Bonds from Romania and Hungary are the biggest beneficiaries in European emerging markets from risk-averse investors pulling cash out of Russia.
Eurobonds from the European Union nations have returned 5 percent and 4.7 percent, respectively, since President Vladimir Putin’s incursion into Ukraine’s Crimea region on March 1. Even as Russian debt has gained the past two weeks, it is down 0.6 percent in the period, one of two decliners among 56 nations in the Bloomberg Dollar Emerging Market Sovereign Bond Index. (BEMS)
Europe’s economic recovery is helping the post-communist countries curb budget deficits, attracting investors to their debt as Russia is hit by the worst capital outflows since 2008 over the conflict with Ukraine. Romania, the EU’s second-poorest nation, and Hungary posted their best current-account balances on record last year, leaving them more resilient against global market turbulence.
“As Romanian and Hungarian fundamentals improve, the bonds are luring investors looking for safer alternatives to Russia,” Roxana Hulea, an emerging-markets strategist at Societe Generale SA, said in a phone interview from London yesterday. “They wouldn’t escape unscathed should the crisis in Ukraine escalate, but that’s not our main scenario.”
SocGen cut its view on Romanian dollar debt to underweight yesterday after the rally strengthened the sovereign’s bonds to the extent they “can no longer be classified as high yield,” Regis Chatellier, a London-based director of emerging-markets credit strategy, said in a report to clients. The French bank recommended increasing exposure to Hungary and South Africa.
The yield on Romania’s international notes due August 2023 fell three basis points today to 4 percent by 11:52 a.m. in Bucharest, rising from a one-year low. The rate is down 83 basis points, or 0.83 percentage point, this year and compares with a 4.61 percent yield on Hungary’s February 2023 debt, according to data compiled by Bloomberg.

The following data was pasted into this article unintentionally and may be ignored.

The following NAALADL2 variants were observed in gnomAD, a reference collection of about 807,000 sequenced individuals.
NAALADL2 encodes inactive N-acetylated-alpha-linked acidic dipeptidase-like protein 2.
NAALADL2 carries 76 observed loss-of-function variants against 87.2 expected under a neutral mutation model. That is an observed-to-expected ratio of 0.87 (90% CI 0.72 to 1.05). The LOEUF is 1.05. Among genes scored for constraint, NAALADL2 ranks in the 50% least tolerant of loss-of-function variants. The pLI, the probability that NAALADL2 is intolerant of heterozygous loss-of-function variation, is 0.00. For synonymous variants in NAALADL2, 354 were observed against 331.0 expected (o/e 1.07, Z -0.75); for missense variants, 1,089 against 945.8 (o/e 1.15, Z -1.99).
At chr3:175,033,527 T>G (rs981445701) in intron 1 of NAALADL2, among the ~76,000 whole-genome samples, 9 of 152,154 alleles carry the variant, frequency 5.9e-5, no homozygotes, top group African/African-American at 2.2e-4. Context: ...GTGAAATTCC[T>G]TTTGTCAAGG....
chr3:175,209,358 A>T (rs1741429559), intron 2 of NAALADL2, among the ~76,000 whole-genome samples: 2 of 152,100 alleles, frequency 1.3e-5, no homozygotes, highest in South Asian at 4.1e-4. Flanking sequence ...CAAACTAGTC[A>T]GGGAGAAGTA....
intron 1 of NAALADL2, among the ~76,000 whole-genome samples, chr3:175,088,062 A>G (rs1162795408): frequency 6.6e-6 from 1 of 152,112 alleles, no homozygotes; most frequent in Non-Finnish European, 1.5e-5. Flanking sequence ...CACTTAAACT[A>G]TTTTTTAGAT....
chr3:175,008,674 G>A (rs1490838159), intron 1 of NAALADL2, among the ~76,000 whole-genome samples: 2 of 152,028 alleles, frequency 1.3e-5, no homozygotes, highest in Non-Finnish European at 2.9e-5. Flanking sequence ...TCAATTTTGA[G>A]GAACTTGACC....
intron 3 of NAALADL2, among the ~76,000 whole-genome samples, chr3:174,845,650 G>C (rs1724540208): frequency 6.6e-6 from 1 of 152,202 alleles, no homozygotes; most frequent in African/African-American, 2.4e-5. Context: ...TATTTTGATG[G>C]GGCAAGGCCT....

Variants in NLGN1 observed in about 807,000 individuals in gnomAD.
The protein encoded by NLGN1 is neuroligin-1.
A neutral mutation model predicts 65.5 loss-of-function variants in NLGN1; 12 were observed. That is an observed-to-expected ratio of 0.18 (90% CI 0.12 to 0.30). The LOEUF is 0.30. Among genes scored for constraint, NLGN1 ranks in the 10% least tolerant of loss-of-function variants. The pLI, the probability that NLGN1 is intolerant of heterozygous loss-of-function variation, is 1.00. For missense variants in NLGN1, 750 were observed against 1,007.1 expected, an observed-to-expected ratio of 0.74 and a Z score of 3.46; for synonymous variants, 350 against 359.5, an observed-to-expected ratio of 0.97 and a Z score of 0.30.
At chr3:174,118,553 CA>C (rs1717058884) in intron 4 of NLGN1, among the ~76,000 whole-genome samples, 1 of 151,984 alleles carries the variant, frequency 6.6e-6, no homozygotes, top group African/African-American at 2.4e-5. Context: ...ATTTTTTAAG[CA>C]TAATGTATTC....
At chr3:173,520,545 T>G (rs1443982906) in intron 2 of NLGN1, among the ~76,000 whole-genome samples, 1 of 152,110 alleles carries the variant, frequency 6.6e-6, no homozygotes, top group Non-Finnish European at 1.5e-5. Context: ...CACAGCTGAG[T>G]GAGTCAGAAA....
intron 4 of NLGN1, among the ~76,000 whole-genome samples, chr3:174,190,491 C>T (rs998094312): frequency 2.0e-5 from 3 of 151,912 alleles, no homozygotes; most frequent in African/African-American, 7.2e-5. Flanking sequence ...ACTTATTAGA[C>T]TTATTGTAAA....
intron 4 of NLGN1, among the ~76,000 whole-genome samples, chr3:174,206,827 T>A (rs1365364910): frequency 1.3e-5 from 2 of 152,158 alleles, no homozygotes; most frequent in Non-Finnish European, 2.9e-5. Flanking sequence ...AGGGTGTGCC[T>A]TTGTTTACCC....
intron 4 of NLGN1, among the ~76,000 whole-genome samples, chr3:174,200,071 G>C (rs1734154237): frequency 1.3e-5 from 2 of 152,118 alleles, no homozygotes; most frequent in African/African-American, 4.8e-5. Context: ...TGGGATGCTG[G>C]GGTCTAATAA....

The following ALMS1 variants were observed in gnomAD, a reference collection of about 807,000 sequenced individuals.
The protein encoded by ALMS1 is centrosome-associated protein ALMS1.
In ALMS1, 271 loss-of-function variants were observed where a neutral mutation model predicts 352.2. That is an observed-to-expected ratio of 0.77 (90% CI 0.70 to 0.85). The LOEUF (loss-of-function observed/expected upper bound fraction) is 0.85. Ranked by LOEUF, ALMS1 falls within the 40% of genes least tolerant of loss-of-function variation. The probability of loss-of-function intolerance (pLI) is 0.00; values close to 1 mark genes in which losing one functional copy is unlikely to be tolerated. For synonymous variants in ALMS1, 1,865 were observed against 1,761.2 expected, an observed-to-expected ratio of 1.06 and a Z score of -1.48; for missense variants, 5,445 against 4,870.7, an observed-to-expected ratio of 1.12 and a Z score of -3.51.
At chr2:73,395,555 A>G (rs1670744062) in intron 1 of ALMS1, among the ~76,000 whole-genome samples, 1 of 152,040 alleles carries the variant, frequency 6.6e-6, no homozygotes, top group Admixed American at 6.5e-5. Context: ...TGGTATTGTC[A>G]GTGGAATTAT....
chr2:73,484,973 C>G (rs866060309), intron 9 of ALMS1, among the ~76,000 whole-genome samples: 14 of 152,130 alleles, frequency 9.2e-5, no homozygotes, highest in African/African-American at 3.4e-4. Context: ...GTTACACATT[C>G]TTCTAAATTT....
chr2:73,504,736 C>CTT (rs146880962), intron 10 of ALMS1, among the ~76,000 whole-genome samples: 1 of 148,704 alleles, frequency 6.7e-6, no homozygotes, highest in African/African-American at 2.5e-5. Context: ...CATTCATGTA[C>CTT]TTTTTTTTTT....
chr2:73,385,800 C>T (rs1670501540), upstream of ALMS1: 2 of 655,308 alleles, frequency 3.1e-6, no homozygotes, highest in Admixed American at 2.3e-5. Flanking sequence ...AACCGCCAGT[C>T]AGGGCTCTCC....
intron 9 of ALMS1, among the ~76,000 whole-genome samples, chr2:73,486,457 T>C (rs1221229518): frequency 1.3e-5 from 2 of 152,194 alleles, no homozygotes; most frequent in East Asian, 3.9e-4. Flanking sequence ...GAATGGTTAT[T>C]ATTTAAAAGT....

While Romania and Hungary bond returns exceed the average 4.3 percent gain on emerging-market debt since the end of February, eastern Europe as a whole has lagged behind, earning 3.2 percent amid concern the Russia-Ukraine conflict could escalate and weaken growth prospects for the region.
Polish dollar bonds have returned 1.5 percent in the period and Latvia has gained 0.8 percent. South African bonds made 4.6 percent, with Turkey up 7.9 percent and Argentina 12 percent.
Capital flows out of Russian markets may now be reversing as investors “price out” the risks of Putin invading or annexing other regions in Ukraine, Jack Arnoff, a partner at Elbrus Capital Partners in London, said by e-mail yesterday.
Romania’s gross domestic product probably rose 3.9 percent in the first quarter from a year earlier, with Hungary expanding 2.7 percent, according to median estimates in Bloomberg surveys of economists before the data is published this week. That compares with analyst projections for economic growth of 1.1 percent in the euro area and 0.7 percent in Russia.
Improving growth and foreign investment helped narrow Romania’s current-account deficit to 1.1 percent of GDP last year, the smallest gap since at least 2004. Hungary’s current account, the broadest measure of a nation’s trade, had a record 3 percent surplus in the fourth quarter, compared with a 7.4 percent deficit five years earlier.
“There is an increasing trend of capital inflows into Romanian bonds because of the Ukraine crisis,” Diana Popescu, deputy head of the government’s debt-management department, said in an interview in Bucharest yesterday. “Investors are now looking at those countries that have macroeconomic stability and Romania looks much better than others.”
The cost to insure Romanian bonds against non-payment for five years using credit-default swaps fell 39 basis points this year to 145 basis points on May 13, matching a six-year low reached last week, according to CMA data. The contracts, which fall as perceptions of creditworthiness improve, slid 70 basis points to 190 for Hungary in the period, while surging 57 basis points to 223 for Russia.
“If I were to pick one alternative to Russia, it would be Romania,” Stanislava Pravdova, a Copenhagen-based emerging-markets analyst at Danske Bank A/S, said in a May 12 interview.
To contact the reporter on this story: Krystof Chamonikolas in Prague at firstname.lastname@example.org